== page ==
I’d planned to shower before I went over, because I was wearing a flannel most of the day, and even with a low temperature for June, I was a sweaty mess. I still had dried blood from the canes that managed to bite me, and all kinds of dirt and blackberry juice in the cracks of my hands and under my nails. On my way home, just getting on toward sunset, the road away from town was like a soft ribbon back to the woods. One last stretch of blacktop from the city before the county roads started going back to dirt. Just off the side of the highway near the breakdown lane, I saw something shining. Since people throw all sorts of stuff out of their trucks on Woodville Highway, I stopped to see what it was. Sometimes I find something useful, when I’ve got the presence of mind to stop and look. Coming to a stop, I could see it was a DVD case. I checked to make sure I’d thrown on my hazards. The road was pretty well empty, so I got out and went over to check it out. When I got closer, I heard the clipped cries of an animal that’d been hit. Out here, you hear it more than you want to, you know, because cars and animals have a way of meeting in the road and the animals never come out the winner from that mess. Unless it’s a deer. They get revenge by messing up the car. But even then, the deer’s dead, too. A little further off the road, I saw him, a young piglet, maybe wild, or maybe just wandered off someone’s property. Looked as though his back broke when he got hit. Not enough to kill him quick, but enough to throw him off the road. No way he’d make it. All that’s left for him is the time until his body gives up, and a whole lot of hurt till then. It’s not right to let them suffer like that, there on the side of the road. When they finally do give up, not only have they had a world of hurt they didn’t deserve, but their bodies attract more just like them, and it just keeps going on, you know, sad. I thought on it for a hair of a second before I went back to my toolbox. I keep a machete in the back, same one I used for the blackberries just a few hours before, and I always carry a folding drop point blade on my belt, out of habit. You never know what you’re gonna need, or when you might need it. I cut his throat quick, there on the side of the road, with the dusk coming on, as a car from the city sped by. I tipped the brim of my cap as they passed by, not really apologetic for what I was on the side of the road doing, because it was necessary. But all the same, I knew what they were thinking as they raced by me, cutting a pig’s throat by the side of Woodville Highway. Felt a little bad about it, because they weren’t going to slow down, so I’d never be able to explain how it’s different than they thought. All the same though, I shouldn’t have to, because unless you’ve seen an animal suffer and bleed out on the side of the road, you can’t understand the mercy I did it. I felt the rumble of an idea, a belch of the redneck I must’ve surely looked like to the passing cars. Lucky for me, my folding blade is sharp and makes pretty easy work of a quick field dressing. When I got done, I took off the pig’s head and left it and the innards close to the edge of the woods, off the road, to keep buzzards and the other critters safe. Coming back, I remembered to go check out the DVD that’d made me pull over to begin with. It was a porno. Figures. I grabbed a dropcloth from the truck bed and wrapped up the carcass of the pig, put it in the bed of my truck with the porno and headed straight over to Gretchen’s. Her blackberries were on the floorboards of the shotgun seat up front so they wouldn’t spill. No need to shower now, I thought; the universe has spoken. I stopped at home first to grab a clean shirt, a cleaver and a boning knife, and the bottle of Wild Turkey that was about three-quarters full.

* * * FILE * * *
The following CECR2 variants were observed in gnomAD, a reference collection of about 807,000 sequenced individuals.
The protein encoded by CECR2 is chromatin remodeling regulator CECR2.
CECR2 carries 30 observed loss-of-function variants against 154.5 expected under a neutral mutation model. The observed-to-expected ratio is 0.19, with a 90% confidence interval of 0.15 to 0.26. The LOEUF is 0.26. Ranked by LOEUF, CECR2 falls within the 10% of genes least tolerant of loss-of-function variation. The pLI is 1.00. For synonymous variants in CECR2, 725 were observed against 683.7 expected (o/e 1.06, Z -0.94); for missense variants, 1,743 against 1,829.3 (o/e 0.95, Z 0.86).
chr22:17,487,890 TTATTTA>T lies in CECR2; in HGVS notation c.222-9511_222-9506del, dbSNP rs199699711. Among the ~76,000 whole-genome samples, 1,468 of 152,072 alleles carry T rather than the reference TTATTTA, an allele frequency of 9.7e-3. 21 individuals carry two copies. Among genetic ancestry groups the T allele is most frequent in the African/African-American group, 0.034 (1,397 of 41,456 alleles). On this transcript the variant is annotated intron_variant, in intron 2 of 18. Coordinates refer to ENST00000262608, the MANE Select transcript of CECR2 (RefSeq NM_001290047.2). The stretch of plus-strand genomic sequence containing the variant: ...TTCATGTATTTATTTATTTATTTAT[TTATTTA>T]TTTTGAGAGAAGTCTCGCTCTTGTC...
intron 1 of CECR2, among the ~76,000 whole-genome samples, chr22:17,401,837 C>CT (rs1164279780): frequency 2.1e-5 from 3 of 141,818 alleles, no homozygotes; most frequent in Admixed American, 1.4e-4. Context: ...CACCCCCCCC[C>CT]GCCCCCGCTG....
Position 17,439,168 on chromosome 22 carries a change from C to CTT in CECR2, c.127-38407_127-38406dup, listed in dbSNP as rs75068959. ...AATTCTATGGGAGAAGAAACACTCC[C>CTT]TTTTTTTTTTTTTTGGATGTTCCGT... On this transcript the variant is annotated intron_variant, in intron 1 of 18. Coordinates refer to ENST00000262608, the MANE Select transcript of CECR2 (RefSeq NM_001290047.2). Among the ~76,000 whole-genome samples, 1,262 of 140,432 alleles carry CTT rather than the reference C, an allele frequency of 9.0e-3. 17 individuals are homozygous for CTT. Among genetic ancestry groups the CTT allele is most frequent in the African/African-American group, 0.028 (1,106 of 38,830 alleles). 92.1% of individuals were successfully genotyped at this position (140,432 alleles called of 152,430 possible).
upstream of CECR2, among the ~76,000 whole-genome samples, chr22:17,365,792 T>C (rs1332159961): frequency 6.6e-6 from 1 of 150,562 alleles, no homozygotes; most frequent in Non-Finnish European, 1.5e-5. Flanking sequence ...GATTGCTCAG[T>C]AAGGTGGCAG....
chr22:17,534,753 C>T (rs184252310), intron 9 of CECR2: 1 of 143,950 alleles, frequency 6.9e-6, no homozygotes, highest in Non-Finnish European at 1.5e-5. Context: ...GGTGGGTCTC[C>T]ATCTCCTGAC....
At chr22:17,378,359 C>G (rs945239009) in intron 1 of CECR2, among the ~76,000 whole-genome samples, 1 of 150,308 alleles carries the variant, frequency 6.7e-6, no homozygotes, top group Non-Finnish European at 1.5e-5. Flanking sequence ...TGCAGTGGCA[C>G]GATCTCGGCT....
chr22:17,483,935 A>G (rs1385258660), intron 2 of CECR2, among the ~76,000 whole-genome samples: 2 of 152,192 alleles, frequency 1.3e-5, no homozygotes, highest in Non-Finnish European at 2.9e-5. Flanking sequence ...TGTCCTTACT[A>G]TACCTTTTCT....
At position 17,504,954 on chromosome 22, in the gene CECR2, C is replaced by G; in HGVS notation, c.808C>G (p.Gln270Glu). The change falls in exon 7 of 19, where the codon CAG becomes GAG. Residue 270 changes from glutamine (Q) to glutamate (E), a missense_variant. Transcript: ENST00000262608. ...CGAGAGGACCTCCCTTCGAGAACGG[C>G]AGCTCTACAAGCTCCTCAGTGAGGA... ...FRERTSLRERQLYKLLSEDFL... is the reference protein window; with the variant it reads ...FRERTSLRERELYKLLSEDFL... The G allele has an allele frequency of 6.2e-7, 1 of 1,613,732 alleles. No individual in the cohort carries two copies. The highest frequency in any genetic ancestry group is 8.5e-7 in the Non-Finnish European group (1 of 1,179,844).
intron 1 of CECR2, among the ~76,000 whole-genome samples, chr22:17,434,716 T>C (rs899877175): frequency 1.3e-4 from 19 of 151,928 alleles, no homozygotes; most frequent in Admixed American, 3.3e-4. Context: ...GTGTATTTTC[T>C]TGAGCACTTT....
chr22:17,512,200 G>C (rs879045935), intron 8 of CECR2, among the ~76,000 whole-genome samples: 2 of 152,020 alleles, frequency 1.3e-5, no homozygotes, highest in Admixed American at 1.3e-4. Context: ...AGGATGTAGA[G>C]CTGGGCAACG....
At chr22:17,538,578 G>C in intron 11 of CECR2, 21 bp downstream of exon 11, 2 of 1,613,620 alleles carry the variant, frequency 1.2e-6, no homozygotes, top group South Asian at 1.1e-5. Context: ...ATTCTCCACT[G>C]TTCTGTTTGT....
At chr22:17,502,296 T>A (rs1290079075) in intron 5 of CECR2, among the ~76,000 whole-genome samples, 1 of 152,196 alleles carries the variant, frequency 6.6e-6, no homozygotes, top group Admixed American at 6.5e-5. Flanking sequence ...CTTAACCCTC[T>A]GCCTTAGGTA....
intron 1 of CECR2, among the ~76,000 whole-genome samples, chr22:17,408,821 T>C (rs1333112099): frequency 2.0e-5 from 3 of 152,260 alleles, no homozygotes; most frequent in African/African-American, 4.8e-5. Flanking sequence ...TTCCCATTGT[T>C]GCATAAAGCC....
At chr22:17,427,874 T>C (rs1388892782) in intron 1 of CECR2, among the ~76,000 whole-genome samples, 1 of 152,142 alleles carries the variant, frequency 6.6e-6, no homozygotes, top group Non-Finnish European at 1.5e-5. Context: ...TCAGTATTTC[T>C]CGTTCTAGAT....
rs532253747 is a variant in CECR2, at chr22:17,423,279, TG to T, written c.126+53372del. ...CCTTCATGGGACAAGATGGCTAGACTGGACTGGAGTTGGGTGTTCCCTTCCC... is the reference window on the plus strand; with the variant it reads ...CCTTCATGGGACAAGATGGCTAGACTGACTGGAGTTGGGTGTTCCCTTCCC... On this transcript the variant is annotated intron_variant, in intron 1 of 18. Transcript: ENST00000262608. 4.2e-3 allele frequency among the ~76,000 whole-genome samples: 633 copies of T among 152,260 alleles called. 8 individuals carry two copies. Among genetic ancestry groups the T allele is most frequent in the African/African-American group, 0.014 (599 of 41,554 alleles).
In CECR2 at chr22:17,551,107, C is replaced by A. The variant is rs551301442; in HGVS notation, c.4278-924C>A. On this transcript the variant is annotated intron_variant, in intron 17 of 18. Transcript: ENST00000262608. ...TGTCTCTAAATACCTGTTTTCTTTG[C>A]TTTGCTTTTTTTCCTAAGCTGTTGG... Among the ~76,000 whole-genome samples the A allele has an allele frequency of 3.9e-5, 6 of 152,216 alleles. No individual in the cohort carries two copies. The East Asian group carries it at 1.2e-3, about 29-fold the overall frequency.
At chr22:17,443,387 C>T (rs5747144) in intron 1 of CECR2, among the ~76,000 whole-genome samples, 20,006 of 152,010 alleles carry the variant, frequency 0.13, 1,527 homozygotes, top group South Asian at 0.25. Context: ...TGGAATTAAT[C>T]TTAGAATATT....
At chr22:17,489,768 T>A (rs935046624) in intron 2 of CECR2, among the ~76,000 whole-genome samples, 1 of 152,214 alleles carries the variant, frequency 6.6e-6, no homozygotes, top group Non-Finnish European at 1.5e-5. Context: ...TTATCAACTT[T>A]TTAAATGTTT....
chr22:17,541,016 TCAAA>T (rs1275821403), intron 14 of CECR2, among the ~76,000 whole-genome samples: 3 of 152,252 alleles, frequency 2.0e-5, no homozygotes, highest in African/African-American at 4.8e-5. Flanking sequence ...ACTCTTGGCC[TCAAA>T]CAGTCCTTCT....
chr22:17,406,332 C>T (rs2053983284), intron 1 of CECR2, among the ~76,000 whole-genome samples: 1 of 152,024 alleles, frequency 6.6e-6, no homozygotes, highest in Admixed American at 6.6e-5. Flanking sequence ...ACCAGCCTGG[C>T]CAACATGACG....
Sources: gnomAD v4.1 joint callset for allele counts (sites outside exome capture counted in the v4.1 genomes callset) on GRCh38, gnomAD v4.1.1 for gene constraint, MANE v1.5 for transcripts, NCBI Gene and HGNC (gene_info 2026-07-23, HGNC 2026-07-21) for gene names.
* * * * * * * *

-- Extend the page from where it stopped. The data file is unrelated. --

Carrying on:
I got to Gretchen’s still in my work clothes, smelling like an overheated horse and colored with grass stains, dirt, speckles of blackberry juice, and smears of pig blood. I looked a mess, and I knew Gretchen wasn’t going to be happy about it unless I made sure she knew I had a good reason to come straight over. I found her in the kitchen and I was right, she started to yap at me for not even having the decency to get in a shower before I came over, until she saw the pails of blackberries and asked if they were for her. I said they were and she gave me a kiss on my unshaved cheek and didn’t even make a peep about how scratchy I felt. I told her to come outside, that wasn’t all I had. I said, You, Gretchen Revel, you must have tempted fate by making me come out to your bonfire tonight, and she said, Shut up, Trey, you cracker, you knew you wanted to come on out, you just needed a kick in the ass. Outside, I dropped the tailgate and presented her with the copy of Horny Underage Co-Eds 3 and the mostly-full bottle of Wild Turkey. She laughed at the porno roadkill and said, Someone’s sure to want that before the night’s over, take it over to the fire and tell the story again later on. Me and Gretchen took a shot together right there on the tailgate, straight out of the bottle, with the wrapped up body of the piglet between us. We chased the slow burn of whiskey with a swig off her warm bottle of Coke. We went back to the kitchen and I set to butchering the pig for her to season before she gave it to her brothers to put on the grill. She said, My daddy woulda been proud of you, for not letting the pig suffer and for not letting it go to waste, neither.